We can also look into single-crossing.

from import is_single_crossing

# Testing if the instance is single-crossing

Finally, we can talk about distances between the orders of the instance.

from import distance_matrix, spearman_footrule_distance
from import kendall_tau_distance, sertel_distance

# We can create the distance matrix between any two orders of the instance
distance_matrix(instance, kendall_tau_distance)
distance_matrix(instance, spearman_footrule_distance)
distance_matrix(instance, sertel_distance)

Categorical Preferences

Categorical preferences represent scenario in which voters were asked to place alternatives into some categories. It is also assumed that there is an ordering of the categories inducing some preference between them. The typical example of categorical preferences is approval ballots, in which the categories are YES and NO.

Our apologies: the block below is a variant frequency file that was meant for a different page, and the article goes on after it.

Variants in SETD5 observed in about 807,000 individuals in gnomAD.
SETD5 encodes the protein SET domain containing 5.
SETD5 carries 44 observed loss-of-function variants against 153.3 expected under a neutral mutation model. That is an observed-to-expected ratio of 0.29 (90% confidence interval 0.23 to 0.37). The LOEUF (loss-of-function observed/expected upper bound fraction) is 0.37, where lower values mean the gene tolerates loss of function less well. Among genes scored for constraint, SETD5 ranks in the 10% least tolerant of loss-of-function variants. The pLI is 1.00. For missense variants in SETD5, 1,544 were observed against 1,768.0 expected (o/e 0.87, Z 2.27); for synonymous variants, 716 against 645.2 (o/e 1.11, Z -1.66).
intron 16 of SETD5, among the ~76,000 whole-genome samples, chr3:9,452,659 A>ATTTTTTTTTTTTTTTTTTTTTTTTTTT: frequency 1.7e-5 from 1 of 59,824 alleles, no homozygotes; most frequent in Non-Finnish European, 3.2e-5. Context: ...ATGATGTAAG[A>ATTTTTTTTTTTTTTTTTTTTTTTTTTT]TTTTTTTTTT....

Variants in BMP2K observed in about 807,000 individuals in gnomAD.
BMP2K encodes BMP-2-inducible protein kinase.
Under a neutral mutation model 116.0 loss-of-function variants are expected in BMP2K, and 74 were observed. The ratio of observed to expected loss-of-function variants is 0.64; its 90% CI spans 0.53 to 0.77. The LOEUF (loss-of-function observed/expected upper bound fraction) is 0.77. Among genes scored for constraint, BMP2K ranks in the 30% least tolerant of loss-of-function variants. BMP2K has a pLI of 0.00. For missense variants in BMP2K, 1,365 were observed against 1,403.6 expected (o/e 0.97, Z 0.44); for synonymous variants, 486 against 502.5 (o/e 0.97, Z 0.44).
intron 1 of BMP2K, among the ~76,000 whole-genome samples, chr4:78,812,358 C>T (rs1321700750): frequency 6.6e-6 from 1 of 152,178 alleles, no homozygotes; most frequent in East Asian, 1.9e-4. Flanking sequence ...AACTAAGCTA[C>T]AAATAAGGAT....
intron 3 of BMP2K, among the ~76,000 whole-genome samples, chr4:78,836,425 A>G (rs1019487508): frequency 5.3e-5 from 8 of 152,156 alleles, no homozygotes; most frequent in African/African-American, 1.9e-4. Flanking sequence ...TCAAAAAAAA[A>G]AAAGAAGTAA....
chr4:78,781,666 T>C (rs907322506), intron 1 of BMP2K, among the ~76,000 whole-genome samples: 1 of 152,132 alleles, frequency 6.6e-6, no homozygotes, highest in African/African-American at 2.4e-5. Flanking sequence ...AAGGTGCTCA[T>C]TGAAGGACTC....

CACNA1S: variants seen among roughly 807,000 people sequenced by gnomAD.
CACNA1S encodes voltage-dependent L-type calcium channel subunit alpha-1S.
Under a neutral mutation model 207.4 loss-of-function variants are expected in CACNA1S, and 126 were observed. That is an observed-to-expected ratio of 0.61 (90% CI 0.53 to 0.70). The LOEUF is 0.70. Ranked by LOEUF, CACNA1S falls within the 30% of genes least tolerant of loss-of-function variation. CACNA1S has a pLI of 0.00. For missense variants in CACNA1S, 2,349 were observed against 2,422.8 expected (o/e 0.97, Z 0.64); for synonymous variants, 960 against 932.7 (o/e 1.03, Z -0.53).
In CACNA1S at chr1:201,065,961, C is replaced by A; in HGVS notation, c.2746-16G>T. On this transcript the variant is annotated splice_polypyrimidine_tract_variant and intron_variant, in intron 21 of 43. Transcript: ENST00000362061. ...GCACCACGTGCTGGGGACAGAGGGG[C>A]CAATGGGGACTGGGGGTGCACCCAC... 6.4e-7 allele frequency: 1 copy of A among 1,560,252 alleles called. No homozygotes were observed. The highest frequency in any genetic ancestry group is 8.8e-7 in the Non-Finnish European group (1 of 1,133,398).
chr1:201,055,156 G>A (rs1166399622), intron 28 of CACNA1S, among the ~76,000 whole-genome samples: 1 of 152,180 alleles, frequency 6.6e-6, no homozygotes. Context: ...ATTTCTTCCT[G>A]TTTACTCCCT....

This types of preferences are represented using the CategoricalInstance class.

from preflibtools.instances import CategoricalInstance

instance = CategoricalInstance()

# Additional members of the class are related to the categories themselves
for cat, cat_name in instance.categories_name.items():
    category = cat
    name_of_the_category = cat_name
# But also to the preferences
for p in instance.preferences:
    preferences = p
    multiplicity = instance.multiplicity[p]

Matching Preferences

Matching preferences cover settings in which agents are to be matched to one another, and they have affinity scores between each others. The typical example for such preferences hosted on is that of kidney transplant where donors and patients are to be matched. The class MatchingInstance covers these.

This class inherits both from PrefLibInstance and from WeightedDiGraph. This means that on top of the usual instance machinery, it also has all the graph related members and methods.

from preflibtools.instances import MatchingInstance

instance = MatchingInstance()

# The instance has a single new member: the number of edges in the graph

# ...and an adjacency list implementation of the weighted directed graph
instance.nodes() # returns the set of nodes
instance.edges() # returns the set of edges in the format (n1, n2, weight)
instance.neighbours(n) # returns the neighbours of node n
instance.outgoing_edges(n) # returns the edges going out of n
instance.add_node(n) # to add a node n
instance.add_edge(n1, n2, weight) # to add the edge (n1, n2, weight)